History Pt.2. Home Rule [182]



The subject of Home Rule, which, due to its non-implementation, resulted in the 1916 Uprising, is a very complex subject.  This basic outline does not nor cannot address these complexities in any detail but rather links the names and events pictured on postage stamps..

In the late 1880’s,Charles Stewart Parnell (Figure 1) was the leading proponent for autonomy within the United Kingdom for Ireland, which was, in essence, governed by London, often with limited knowledge of actual conditions.  This “Home Rule” was to address local problems within the Province rather than accept the delay and often well-meaning but unworkable legislation from London.

This concept was opposed by those located mainly in Ulster, primarily the wealthy Protestants who feared a Catholic majority rule.  In reality, it threatened their economic monopoly.  To defend their interests, a quasi-political force, the Ulster Volunteers, was established in 1912 under Edward Carson’s leadership.(Figure 2)  This un-armed para-military  unit was to augment the existing Royal Irish Constabulary in “maintaining order”.  Insofar as the linen mills and shipyards of the North were controlled by the Protestants, this was a direct challenge to trade unions and those who sought social change.  

The Ulster Volunteers formation was countered in the South in 1913 by the establishment of the The Irish Volunteers, a similar para-military unit under Eoin MacNeill and John Redmond whose aim was to ensure that the Home Rule Bill was passed. A combinations of various factions: the Sinn Fein party, the Ancient Order of Hibernians, the Gaelic League, the Irish Republican Brotherhood, among others, supported the Bill.  Figure 3 shows the protagonists, Carson and Redmond. The Home Rule Act was passed in Parliament, but with the “temporary” exclusion of the six counties of Ulster that would eventually become Northern Ireland. Before the it could be implemented, however, the Act was suspended for the duration of the First World War.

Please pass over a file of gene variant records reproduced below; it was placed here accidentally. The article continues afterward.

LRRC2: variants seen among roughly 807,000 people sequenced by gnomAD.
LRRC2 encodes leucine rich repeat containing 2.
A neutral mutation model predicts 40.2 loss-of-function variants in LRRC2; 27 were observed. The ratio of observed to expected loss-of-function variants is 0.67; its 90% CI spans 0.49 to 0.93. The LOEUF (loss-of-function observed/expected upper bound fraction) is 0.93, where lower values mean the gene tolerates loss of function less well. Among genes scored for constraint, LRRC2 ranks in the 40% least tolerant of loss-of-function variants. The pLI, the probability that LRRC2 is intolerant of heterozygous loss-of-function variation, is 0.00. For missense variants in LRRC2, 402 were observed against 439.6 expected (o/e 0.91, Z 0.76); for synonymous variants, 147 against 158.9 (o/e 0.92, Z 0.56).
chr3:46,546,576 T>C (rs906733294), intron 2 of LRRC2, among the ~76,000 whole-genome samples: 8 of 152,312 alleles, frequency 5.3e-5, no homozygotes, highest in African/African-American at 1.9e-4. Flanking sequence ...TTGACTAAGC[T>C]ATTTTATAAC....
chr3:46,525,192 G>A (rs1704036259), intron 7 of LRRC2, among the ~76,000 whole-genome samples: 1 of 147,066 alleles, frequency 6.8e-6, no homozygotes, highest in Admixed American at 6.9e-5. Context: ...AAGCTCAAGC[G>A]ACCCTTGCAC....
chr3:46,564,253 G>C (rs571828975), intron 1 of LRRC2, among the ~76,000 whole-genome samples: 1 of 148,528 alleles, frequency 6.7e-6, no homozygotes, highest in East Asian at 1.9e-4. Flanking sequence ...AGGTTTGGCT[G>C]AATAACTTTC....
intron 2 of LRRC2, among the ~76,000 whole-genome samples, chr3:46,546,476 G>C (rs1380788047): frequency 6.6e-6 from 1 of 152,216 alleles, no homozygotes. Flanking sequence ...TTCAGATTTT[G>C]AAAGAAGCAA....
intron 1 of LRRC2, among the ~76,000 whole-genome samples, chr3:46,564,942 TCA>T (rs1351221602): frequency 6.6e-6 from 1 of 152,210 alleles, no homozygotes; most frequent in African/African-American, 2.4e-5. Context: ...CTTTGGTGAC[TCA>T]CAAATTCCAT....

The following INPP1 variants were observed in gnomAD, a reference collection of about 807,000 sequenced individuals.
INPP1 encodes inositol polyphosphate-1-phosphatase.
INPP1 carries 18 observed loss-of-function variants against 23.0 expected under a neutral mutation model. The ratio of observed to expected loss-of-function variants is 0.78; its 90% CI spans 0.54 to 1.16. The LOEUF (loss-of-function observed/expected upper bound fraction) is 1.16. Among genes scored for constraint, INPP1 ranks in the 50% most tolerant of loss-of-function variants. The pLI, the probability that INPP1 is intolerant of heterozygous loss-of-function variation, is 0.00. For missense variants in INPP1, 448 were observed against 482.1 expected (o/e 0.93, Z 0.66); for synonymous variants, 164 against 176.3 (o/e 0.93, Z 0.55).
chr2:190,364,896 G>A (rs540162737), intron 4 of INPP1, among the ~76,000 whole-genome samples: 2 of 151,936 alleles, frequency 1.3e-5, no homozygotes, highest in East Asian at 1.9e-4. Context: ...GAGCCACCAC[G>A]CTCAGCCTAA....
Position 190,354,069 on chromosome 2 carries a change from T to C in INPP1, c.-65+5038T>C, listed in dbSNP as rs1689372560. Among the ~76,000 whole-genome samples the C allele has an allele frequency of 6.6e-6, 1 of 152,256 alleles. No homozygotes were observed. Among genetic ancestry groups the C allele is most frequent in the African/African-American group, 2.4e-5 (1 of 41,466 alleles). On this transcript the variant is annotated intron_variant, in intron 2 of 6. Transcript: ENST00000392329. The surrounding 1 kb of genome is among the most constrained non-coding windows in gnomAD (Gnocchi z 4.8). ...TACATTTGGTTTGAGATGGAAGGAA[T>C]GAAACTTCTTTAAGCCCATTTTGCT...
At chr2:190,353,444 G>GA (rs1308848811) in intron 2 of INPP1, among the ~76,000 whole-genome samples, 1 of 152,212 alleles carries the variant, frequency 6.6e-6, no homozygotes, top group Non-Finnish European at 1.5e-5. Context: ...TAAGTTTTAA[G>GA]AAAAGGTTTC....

At this point, neither group was armed.  The Ulster unit covertly received 1,000 rifles from British sources. The Volunteers reciprocated by obtaining arms from Germany, but in the process, Sir Roger Casement was captured, tried for treason, and hanged in London.(Figure 4).

Conditions were further exacerbated by a general lockout by employers in August 1913. Over 24,000 people were locked out. The labor unions, led by Jim Larkin (Figure 5) of the Transport & General Workers Union lead one of the longest and economically devastating labor disputes in Irish history.  It ended in May 1914, and neither side won.

Due to support for the British war position by John Redmond, head of the Volunteers, the Irish Volunteers split into two groups. The majority, approximately 175,000 in number, under Redmond,  took the name National Volunteers and supported Irish involvement in the war as the top priority. Figure 6 is a political cartoon of Redmond encouraging men to “… join an Irish regiment.”  A minority, approximately 13,000, retained the Irish Volunteers’ title, and opposed Ireland’s involvement in the war under John O’Rahilly (The O’Rahilly), Patrick Pearse, and others whose names would become famous during the Easter Rising. (Figures 7-10)


Wikipedia, https://EN.wikipedia.com/wiki/Ireland#partition reviewed 15 July 2019
Hibernian Handbook and Catalog of the Postage Stamps of Ireland, Hamilton-Bowen, Roy, 2014.
Dulin, Dr. C.I., Ireland – Transition, The Postal History of the Transitional Period 1922-1925, MacDonnell-Whyte Ltd, Dublin, 1992.
Moody, T.W. & Martin, F.X., The Course of Irish History, 4th ed., Roberts Rinehart, Lantham, Md., 2001.
Irish Philatelic Bureau, “The Collector”, 1/16,2/16.